A good friend of mine attended my Get More Happier event last month and suggested a deeper sharing on how my research into the science of happiness has changed my life. It was a good suggestion and hard to encapsulate in a short post but here goes so hang onto your hat.
The word disciple came up in a recent visualization exercise so instead of practitioner I’ll say I’m a disciple of Positive Psychology. Finding this deep knowledge base on the research of happiness lights me up. However, this knowledge is fascinating but not impactful if not applied and if my ever-growing knowledge base is not applied to my own personal experience am I really wiser for knowing? I think I just lectured myself.
So what has shifted in my own life? The changes have been subtle, small shifts over time in some areas and bigger shifts in other areas.
#1 “Addition by Subtraction” When you can reduce the negative emotions in life and quickly recover from setbacks you build resilience. Understanding the root formation and false messages of your thoughts, what spins you out of control, and locks you into negative thought cycles is addition by subtraction.
About a month ago I walked back to my car and my mountain bike had been stolen. Instead of “woe is me” or anger bubbling up towards the perpetrator I moved on, called my insurance company and then….got my bike back in two days randomly. (Thanks Bend Police!) Life happens and wallowing in negative emotion or anger is poison and you’re the one drinking it.
#2 “Accessing the Many forms of Happiness” I honor the ever-evolving balance between joy filled moments, simple pleasures, the contentedness in between while also embracing the challenges coming from deep work that maked me grow. This mix of joyful and purposeful living is our own personal dynamic algorithm. The balance between French fries and salads, if you will. I love laughter, comedy, cocktails and improv. And yes, I like French fries and especially the parmesan peppercorn dipping sauce at The Dive. I also go deep coaching others and being coached. Deepening my skill set requires hours of training. I also put in long hours building new presentations and give my time back to my community and those in need. The purpose-filled life with a side of French fries and a small salad with extra dressing.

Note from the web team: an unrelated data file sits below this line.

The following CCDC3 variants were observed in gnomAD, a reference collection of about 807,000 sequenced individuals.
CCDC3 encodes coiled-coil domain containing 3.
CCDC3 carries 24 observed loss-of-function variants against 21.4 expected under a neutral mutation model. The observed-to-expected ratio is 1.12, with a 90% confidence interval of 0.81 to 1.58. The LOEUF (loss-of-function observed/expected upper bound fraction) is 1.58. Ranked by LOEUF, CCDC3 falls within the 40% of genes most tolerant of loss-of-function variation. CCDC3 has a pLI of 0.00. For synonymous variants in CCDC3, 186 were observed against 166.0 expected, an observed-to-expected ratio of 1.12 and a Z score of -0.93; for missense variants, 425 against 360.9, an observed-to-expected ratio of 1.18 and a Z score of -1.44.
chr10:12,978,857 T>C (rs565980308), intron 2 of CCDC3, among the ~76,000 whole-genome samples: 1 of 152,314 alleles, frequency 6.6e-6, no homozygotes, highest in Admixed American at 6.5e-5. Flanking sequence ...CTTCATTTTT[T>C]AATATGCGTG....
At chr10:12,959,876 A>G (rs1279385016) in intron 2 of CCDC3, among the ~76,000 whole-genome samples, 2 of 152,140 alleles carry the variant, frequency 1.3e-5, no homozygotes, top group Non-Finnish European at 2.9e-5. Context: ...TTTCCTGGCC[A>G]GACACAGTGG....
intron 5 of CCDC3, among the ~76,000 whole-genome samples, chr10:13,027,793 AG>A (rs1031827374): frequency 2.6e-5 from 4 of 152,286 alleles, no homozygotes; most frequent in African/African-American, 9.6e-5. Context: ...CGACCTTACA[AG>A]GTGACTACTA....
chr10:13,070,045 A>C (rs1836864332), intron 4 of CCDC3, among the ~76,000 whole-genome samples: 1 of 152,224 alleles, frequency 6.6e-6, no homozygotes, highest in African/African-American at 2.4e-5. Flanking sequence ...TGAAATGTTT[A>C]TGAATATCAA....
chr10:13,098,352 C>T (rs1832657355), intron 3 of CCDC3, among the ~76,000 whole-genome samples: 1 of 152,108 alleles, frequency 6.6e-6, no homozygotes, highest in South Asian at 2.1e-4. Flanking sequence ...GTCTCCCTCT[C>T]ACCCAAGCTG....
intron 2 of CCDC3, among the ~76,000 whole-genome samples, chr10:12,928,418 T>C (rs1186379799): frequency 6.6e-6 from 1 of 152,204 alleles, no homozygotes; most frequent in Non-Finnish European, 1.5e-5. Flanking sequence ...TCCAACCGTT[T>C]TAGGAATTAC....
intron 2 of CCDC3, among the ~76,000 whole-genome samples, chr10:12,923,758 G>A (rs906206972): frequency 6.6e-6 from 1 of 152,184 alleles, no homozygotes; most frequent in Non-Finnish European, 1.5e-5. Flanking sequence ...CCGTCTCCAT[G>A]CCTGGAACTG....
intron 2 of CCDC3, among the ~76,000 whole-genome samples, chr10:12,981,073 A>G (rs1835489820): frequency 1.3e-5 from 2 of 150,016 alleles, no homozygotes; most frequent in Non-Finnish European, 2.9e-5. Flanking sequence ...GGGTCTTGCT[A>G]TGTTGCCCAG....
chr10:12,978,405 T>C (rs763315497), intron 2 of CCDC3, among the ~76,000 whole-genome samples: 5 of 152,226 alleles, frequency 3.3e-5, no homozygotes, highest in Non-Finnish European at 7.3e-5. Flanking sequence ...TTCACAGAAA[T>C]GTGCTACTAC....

#3 “The Road to Mastery is Full of Potholes” Embracing a growth mindset is a HUGE flip on how I view mastery. As an entrepreneur you wear many hats and there is risk involved and success can feel “non-linear”. Seeing setbacks as “feedback” and understanding the road forward can be full potholes and washboards. Sometimes you hit the potholes and riding on washboards isn’t pleasant. Sometimes the road doesn’t even look like a road. More like an overgrown trail with brambles and lots of mosquitoes and poor footing – and I don’t like hiking, so this metaphor feels apropos.
Many people are terrified of public speaking. I LOVE IT. And when someone says “I could never do that” they might be right but skill-building comes over time. Malcolm Gladwell famously said 10,000 hours is required to build mastery and if you hold a microphone long enough you are likely going to build some skill at it – at least I hope I have.
But pushing forward towards mastery develops control – and our brains love control – and more importantly choices. In his book “So Good You Can’t Ignore You” by Cal Newton the focus is not on passion but your talents, skills, gifts and experience and how these give you choices. And don’t we all want choices in life?
SO WHAT ABOUT YOU
How would you rate your life? The starting point for any journey is knowing where you are and then determining where you want to go. More important than rating your life is how would you rate your effort towards creating the life you want?
Happiness is definitely a journey and understanding your own efforts towards crafting a life that brings your more French fries and salad you actually learn to enjoy. And yes, the journey towards this “created life” might put you on the pothole-ridden “Road to Mastery” so just bring a spare tire.
Anthony Poponi is a motivational speaker, workshop host, and author of “Focus on the 40” specializing in improving team dynamics, communication and productivity for teams and individuals. His work is based on the research in the fields neuroplasticity, positive psychology, and leadership to focus on a flourishing life.